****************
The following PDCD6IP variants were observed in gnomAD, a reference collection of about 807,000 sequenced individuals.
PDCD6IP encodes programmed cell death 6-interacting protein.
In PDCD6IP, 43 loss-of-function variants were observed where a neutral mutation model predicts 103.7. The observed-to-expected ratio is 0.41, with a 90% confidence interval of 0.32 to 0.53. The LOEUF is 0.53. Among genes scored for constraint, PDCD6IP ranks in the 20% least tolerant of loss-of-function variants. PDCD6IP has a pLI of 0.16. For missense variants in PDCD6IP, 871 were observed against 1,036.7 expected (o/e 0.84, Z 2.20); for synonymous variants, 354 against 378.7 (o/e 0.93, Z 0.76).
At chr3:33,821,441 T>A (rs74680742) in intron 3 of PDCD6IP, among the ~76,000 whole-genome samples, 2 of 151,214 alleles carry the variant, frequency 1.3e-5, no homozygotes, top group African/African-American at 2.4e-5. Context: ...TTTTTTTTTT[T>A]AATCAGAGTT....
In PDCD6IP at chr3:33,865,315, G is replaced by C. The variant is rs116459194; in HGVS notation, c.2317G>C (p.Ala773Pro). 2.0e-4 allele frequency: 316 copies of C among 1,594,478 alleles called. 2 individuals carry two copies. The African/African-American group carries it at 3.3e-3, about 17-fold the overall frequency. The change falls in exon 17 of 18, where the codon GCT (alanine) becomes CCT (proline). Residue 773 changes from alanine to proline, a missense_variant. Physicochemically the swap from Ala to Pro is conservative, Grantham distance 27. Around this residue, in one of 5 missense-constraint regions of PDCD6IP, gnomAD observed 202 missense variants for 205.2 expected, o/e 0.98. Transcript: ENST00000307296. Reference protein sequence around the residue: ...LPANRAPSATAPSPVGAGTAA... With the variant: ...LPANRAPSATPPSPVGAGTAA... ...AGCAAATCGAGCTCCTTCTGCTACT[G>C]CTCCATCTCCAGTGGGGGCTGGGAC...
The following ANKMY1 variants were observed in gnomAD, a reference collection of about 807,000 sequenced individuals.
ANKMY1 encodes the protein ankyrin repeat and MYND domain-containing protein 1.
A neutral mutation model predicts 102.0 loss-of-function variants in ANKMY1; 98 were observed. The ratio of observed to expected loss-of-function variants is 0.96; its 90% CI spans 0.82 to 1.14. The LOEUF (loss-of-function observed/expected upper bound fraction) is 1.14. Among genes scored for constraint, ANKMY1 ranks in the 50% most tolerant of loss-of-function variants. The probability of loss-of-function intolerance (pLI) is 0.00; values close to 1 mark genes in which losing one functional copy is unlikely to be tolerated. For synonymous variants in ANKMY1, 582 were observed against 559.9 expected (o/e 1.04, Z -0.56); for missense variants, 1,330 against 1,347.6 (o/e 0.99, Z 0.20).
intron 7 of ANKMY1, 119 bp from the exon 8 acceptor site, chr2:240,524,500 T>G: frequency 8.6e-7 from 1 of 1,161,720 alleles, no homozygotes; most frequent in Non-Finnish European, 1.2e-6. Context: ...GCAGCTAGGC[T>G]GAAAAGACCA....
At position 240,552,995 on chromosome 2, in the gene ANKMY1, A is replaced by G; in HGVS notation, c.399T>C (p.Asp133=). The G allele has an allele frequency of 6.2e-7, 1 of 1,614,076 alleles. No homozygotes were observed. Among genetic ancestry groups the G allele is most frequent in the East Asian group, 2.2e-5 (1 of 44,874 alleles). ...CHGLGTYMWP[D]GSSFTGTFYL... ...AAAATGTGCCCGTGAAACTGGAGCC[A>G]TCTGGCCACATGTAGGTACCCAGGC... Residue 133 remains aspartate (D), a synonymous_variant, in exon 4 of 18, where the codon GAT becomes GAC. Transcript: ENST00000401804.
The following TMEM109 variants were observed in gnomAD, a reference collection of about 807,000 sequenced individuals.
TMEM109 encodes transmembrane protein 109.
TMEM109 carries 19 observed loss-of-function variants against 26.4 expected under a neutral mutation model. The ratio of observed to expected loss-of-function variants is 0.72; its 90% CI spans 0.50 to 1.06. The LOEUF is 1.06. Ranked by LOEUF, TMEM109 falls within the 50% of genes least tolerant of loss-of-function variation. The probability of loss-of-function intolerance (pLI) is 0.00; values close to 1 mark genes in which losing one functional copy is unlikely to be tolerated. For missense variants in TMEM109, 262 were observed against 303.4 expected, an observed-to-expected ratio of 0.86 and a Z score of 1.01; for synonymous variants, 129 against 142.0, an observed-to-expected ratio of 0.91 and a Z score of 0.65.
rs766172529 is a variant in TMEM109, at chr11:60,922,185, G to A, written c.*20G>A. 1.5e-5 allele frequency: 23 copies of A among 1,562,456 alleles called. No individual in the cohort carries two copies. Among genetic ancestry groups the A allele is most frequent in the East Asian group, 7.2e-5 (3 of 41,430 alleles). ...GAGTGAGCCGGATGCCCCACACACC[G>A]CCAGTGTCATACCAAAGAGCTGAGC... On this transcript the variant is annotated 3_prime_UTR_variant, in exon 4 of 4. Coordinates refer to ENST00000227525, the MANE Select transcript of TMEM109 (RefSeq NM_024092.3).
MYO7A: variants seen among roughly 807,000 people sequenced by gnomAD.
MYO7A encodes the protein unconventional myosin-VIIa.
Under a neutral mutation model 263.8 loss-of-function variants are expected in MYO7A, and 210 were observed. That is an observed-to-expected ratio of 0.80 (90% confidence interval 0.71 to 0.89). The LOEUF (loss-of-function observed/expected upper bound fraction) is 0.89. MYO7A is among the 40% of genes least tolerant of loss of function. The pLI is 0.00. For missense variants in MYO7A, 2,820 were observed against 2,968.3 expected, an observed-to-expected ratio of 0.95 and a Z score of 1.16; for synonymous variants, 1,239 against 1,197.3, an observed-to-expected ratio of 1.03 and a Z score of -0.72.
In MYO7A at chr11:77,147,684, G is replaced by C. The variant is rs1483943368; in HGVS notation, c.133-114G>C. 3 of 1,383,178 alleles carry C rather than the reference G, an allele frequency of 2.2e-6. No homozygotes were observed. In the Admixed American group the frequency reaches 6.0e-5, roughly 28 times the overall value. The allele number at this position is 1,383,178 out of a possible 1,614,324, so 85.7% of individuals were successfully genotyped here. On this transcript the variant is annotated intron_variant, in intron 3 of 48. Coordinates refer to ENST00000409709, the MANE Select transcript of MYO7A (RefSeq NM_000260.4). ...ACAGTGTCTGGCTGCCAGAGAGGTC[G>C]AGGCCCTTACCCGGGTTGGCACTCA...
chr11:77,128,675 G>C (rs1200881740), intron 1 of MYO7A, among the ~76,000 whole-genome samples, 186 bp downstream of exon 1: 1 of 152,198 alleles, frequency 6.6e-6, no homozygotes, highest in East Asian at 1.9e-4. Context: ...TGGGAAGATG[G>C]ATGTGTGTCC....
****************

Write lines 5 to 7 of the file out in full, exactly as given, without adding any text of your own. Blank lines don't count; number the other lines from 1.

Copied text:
In PDCD6IP at chr3:33,865,315, G is replaced by C. The variant is rs116459194; in HGVS notation, c.2317G>C (p.Ala773Pro). 2.0e-4 allele frequency: 316 copies of C among 1,594,478 alleles called. 2 individuals carry two copies. The African/African-American group carries it at 3.3e-3, about 17-fold the overall frequency. The change falls in exon 17 of 18, where the codon GCT (alanine) becomes CCT (proline). Residue 773 changes from alanine to proline, a missense_variant. Physicochemically the swap from Ala to Pro is conservative, Grantham distance 27. Around this residue, in one of 5 missense-constraint regions of PDCD6IP, gnomAD observed 202 missense variants for 205.2 expected, o/e 0.98. Transcript: ENST00000307296. Reference protein sequence around the residue: ...LPANRAPSATAPSPVGAGTAA... With the variant: ...LPANRAPSATPPSPVGAGTAA... ...AGCAAATCGAGCTCCTTCTGCTACT[G>C]CTCCATCTCCAGTGGGGGCTGGGAC...
The following ANKMY1 variants were observed in gnomAD, a reference collection of about 807,000 sequenced individuals.
ANKMY1 encodes the protein ankyrin repeat and MYND domain-containing protein 1.